Connect to share and comment

Brazil. Russia. India. China. Four rising powers. One blog to explain them all.

Who says Delhiwallahs don't care?

Thousands march against corruption in Indian capital as tolerance for graft hits new low

On the 63rd death anniversary of Mahatma Gandhi on Sunday, more than 1,000 citizens and activists of non-government organisations gathered at Azad Maidan to protest against the corruption, reports the Hindustan Times. It was a part of the nationwide protest against corruption — India against Corruption.

As the Supreme Court hammers the solicitor general for trying to avoid tracing tax evaders with money squirreled away abroad, the head of the Central Vigilance Commission is on the brink of losing his job in connection with an old graft case in his home state, and investigations continue into the alleged Commonwealth Games and 2G spectrum scam, it finally appears that the Indian middle class may be standing up to fight corruption.

But frankly, I'll believe it when I see it.  The India Against Corruption campaign doesn't envision the formation of any new party, or the ouster of candidates with disproportionate assets (read: everyone in office).  The only thing that's being proposed is single-issue voting: If a party opposes reform of the anti-corruption legislation, we won't vote for your candidates.  In one sense, it's a brilliant plan, as it counteracts all the usual things that divide Indian voters (caste, religion) so that theoretically they can work together as a block even though they have opposing interests in many other areas.  However, I don't have that much faith that this movement will actually be able to influence the large core of uneducated, destitute voters on whom the political parties depend for power -- after all, nobody has ever succeeded in "single-issue" voting for even more urgent matters, such as the supply of clean water.  Moreover, India's politicians (and people) are so good at circumventing rules that I'm not sure I have too much confidence in the anti-corruption law that the India Against Corruption campaign supports.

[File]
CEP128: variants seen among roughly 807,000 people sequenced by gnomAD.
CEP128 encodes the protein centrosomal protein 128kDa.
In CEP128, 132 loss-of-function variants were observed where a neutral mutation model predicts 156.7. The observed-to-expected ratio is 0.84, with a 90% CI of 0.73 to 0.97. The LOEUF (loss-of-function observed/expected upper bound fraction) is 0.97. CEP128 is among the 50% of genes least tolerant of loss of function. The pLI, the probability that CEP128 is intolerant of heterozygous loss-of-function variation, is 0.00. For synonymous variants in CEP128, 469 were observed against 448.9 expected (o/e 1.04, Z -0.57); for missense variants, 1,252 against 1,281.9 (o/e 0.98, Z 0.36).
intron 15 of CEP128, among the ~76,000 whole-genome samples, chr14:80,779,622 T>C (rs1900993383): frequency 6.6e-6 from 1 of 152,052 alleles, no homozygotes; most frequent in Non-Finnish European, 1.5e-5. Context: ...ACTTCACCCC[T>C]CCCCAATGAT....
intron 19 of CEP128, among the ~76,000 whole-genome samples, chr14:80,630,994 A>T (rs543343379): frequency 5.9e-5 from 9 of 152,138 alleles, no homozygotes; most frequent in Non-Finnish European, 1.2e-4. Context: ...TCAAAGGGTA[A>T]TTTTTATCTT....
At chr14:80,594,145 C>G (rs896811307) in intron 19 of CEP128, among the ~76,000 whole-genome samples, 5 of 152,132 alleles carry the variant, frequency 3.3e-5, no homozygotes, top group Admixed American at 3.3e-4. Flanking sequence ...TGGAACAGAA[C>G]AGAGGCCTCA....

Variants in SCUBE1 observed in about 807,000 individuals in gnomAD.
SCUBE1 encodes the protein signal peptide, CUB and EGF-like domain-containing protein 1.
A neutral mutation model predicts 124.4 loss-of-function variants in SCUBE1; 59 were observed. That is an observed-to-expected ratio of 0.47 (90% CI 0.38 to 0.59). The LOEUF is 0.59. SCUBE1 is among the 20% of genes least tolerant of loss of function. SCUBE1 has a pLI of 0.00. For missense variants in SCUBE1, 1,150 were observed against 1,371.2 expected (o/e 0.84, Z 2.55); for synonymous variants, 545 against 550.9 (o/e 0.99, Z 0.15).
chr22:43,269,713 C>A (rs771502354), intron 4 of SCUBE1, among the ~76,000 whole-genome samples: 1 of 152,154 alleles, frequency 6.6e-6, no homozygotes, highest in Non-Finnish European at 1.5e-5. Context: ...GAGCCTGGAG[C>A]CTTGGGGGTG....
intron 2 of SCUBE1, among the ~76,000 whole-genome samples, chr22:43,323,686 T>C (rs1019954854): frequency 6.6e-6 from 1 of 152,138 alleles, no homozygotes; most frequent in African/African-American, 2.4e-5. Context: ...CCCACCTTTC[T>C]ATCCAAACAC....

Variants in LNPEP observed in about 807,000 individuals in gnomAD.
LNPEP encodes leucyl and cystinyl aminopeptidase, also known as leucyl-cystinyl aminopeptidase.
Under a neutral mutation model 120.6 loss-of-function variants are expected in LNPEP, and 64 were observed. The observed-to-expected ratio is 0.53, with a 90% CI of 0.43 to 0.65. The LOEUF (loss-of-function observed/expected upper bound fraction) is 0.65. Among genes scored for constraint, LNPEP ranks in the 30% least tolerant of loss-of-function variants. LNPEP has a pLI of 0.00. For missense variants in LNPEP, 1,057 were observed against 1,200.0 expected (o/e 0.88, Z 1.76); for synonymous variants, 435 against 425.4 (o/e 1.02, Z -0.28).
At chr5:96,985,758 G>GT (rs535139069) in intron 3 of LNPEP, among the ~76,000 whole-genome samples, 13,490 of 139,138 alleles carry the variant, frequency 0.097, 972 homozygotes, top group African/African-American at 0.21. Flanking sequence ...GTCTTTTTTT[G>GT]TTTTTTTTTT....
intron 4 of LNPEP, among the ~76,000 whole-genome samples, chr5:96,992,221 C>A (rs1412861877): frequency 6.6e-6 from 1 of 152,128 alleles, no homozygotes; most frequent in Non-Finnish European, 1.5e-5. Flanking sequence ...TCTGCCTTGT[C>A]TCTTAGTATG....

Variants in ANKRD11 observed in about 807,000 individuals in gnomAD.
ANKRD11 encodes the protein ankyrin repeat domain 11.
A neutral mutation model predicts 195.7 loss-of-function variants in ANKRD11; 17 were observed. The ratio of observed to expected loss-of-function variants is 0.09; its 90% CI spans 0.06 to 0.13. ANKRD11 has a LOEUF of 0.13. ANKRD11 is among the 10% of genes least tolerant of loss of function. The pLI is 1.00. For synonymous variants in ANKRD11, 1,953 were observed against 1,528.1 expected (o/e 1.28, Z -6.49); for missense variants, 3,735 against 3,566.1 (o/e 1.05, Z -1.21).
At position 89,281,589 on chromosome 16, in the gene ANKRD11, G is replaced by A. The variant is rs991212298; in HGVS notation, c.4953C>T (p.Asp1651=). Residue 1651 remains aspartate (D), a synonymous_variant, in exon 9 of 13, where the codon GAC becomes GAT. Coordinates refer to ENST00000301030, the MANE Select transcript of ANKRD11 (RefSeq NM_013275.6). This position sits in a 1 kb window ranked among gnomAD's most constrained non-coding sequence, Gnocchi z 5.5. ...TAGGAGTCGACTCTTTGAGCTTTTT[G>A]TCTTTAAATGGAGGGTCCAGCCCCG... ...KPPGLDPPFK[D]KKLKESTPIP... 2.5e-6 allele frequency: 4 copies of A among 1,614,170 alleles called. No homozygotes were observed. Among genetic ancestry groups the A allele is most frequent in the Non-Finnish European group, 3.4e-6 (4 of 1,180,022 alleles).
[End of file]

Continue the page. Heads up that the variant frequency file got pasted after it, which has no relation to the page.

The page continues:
That said, the preponderance of citizen groups against graft is mounting in the wake of the passage of the Right to Information act in 2005, and it may not be long before the combination of a rising middle class and mushrooming civil society groups actually start to make a real difference.

Here's the gist from the HT:

“We want the Lokpal Bill proposed by the citizens to be passed as it would give more transparency and keep the entire process free from political interference. The one proposed by the government could be misused like other laws,” said Mohammed Afzal, Right to Information activist. The major changes proposed by the people in the Bill are that the Lokayukta should be allowed to investigate the judges without anyone’s permission. Currently, the Chief justice of India’s permission is required to lodge an FIR against any judge.

Also, the CBI and Anti-Corruption Bureau should be merged with the Lokpal and Lokayukta and be allowed to investigate independently against the corrupt officers and politicians. “Now the time has come for people to take action and not just blame the politicians,” said Mayank Gandhi, founder of Jagrut Nagrik Manch. 

http://www.globalpost.com/dispatches/elections/who-says-delhiwallahs-dont-care

.

Featured Slideshow

Women in combat, at home and abroad (PHOTOS)

On the news that Defense Secretary Leon Panetta's lifted the military ban on women in combat, GlobalPost took a look at women's wartime roles around the world.